[INTERVIEW]<br />
David Otunga: The Hardest-Working Man in the WWE

David Otunga

David Otunga has been an “A” student for as long as he can recall. So when he recently made his acting debut in the suspense thriller The Call, starring Halle Berry and Morris Chestnut, the Windy City native was a bit disappointed with the “B” rating one Chicago film critic gave the flick, which pulled in $17.1 million during its opening weekend. “That’s the first ‘B’ I ever got in my life,” Otunga said before his playful frown turned into a big smile.

He has a lot to be happy about these days: His childhood dream of becoming an actor became a reality, and what better opportunity than to share the silver screen with Berry? The Harvard-trained lawyer, who first won recognition in 2007 on the reality show I Love New York 2, has his hands full these days, doing pro bono legal work in addition to his superstar wrestling career in the WWE. Not to mention, he’s the doting dad of a 3-year-old, David Jr., his son with fiancée Jennifer Hudson. Last year, Otunga and his 'Mini Me' were featured in EBONY’s Father’s Day June issue. During a recent visit to the Johnson Publishing Company headquarters in Chicago, Otunga’s trademark bow tie was noticeably missing, but his ever-present coffee mug was right by his side as he talked to Ebony.com.

EBONY: What acting advice did you get from Halle and Morris?

David Otunga: To be comfortable, because less is more.

EBONY: You played a police officer in the movie. But speaking of the law, what’s your background as an attorney?

DO: Criminal law, especially defense; that’s what I spent most of my time doing in law school. Just recently, I have been a guest legal expert on HLN and CNN talking about the Jodi Arias trial.

EBONY: I understand you work with an anti-bullying campaign. Were you bullied growing up?

DO: The campaign is called the Be a STAR Alliance. WWE and the Creative Coalition established this. STAR stands for Show Tolerance And Respect. I go to different schools and talk to kids. I teach kids coping skills, how to avoid being bullied and how to spot it. I share my personal experiences, because at the tail end of grade school and the beginning of junior high, I was bullied. I was short and chubby. I had thick glasses. I did fairly well in school, so people always called me a nerd and a dork. It was a rough time, but I eventually got through it. I didn’t always have muscles like this. Maybe that’s what drove me in some way.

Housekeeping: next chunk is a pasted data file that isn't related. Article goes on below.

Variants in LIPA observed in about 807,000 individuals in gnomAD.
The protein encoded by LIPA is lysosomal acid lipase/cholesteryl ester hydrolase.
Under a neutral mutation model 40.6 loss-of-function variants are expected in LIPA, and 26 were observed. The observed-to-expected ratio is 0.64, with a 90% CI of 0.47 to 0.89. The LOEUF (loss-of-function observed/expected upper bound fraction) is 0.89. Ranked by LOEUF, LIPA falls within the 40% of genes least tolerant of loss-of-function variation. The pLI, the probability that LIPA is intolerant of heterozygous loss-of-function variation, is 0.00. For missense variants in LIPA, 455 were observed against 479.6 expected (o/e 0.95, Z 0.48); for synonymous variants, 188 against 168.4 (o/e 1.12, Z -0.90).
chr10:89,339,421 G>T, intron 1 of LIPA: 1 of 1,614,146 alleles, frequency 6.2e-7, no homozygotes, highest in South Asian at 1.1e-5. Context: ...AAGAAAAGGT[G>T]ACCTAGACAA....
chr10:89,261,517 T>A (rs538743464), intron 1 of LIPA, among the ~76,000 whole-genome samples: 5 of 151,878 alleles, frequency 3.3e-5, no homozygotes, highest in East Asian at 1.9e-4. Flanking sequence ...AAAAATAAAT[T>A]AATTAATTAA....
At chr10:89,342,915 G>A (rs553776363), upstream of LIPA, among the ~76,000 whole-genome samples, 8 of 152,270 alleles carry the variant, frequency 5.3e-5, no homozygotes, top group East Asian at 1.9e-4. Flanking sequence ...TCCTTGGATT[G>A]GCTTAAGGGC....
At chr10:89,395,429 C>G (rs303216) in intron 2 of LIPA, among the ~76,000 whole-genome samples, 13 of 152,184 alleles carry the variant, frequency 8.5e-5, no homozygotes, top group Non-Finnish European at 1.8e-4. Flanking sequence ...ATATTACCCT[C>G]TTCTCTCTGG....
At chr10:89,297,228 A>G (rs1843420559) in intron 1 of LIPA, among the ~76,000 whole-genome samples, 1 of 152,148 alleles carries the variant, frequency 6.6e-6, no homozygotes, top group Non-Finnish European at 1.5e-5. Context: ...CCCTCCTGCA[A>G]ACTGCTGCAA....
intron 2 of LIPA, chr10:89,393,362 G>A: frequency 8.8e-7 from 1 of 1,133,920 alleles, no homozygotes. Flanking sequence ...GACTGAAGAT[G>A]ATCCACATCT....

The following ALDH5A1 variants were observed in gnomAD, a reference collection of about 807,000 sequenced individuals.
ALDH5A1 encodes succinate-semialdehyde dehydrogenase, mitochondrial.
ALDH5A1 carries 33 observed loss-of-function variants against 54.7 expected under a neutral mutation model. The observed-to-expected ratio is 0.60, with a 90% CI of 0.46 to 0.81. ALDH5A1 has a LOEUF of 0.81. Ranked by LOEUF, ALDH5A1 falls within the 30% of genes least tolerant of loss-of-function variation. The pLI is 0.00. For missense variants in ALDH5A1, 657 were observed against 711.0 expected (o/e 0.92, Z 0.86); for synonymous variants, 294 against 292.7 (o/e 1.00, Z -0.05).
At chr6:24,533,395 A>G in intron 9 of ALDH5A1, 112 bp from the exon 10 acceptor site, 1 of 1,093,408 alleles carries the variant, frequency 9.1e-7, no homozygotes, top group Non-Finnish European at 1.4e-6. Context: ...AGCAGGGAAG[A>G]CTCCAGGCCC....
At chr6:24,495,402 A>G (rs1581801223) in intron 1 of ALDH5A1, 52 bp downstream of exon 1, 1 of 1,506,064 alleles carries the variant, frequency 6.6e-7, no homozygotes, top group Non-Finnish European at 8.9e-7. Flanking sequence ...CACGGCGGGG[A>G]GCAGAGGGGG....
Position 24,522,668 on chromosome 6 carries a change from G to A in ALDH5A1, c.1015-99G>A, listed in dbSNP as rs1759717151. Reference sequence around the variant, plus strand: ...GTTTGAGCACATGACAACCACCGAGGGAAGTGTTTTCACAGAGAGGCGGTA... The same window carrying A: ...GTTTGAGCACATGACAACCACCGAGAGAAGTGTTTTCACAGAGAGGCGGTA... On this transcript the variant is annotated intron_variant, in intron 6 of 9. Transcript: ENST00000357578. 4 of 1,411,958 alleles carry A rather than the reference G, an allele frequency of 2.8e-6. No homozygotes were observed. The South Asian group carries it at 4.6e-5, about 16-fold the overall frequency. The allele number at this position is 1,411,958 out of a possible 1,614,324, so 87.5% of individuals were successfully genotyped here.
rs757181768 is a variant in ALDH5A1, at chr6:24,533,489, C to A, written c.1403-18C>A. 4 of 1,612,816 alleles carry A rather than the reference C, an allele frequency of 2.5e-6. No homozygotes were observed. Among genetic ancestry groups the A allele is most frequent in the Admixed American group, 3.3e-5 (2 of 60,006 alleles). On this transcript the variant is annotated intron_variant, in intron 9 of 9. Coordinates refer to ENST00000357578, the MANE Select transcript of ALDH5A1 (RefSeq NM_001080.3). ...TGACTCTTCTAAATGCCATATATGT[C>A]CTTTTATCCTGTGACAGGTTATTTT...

EBONY: You’re quick on your feet when it comes to the tweets.  Is insulting people part of your wrestling persona?

DO: My Twitter is pure entertainment. So I’ve toned back a little bit and people are like, “You’re too nice. I liked it when you were meaner.” Then I’m like, “All right. Let me insult some people real quick and even it out.”

EBONY: You’ve done reality TV and wrestling. What do people recognize you for the most?

DO: People are always saying, “Oh, Punk [his I Love New York 2 character] ! I loved you on that show.” That was my first acting job. Everybody knows reality is not reality. People come up to me and say, “I felt so bad when you got eliminated. You really were in love with her.” They should have given me an Academy Award then because people believed it. That just tells me I did a good acting job.

EBONY: Anything clever you’d like to leave us with?

DO: Barack Obama’s father was born and raised in Kenya; my father was born and raised in Kenya. Barack Obama’s father came to the United States and married an American woman; my father came to the United States and married an American woman. Barack Obama is from Illinois; I’m from Illinois. He went to Harvard Law School; me, too. He worked at Sidley Austin; I worked at Sidley Austin. The day I walked in and got my very first assignment, the guy sits down and he tells me about this assignment. He says, “OK, this will probably take you four weeks to complete.” And then he goes, “I want to tell you a story. Twenty years ago, I had an associate much like you come in. He sat down in this chair. I gave him a very similar assignment, and I told him the same thing: ‘It’s going to take you four weeks to complete.’ That associate brought it back to me in two weeks. I told him, ‘I don’t even want to look at this; this is ridiculous,’ but I looked at it, and it was amazing. It was exquisite work. And [completed] in only half the time.’ And he goes, “Do you know who that associate was?” And I was like, “No, I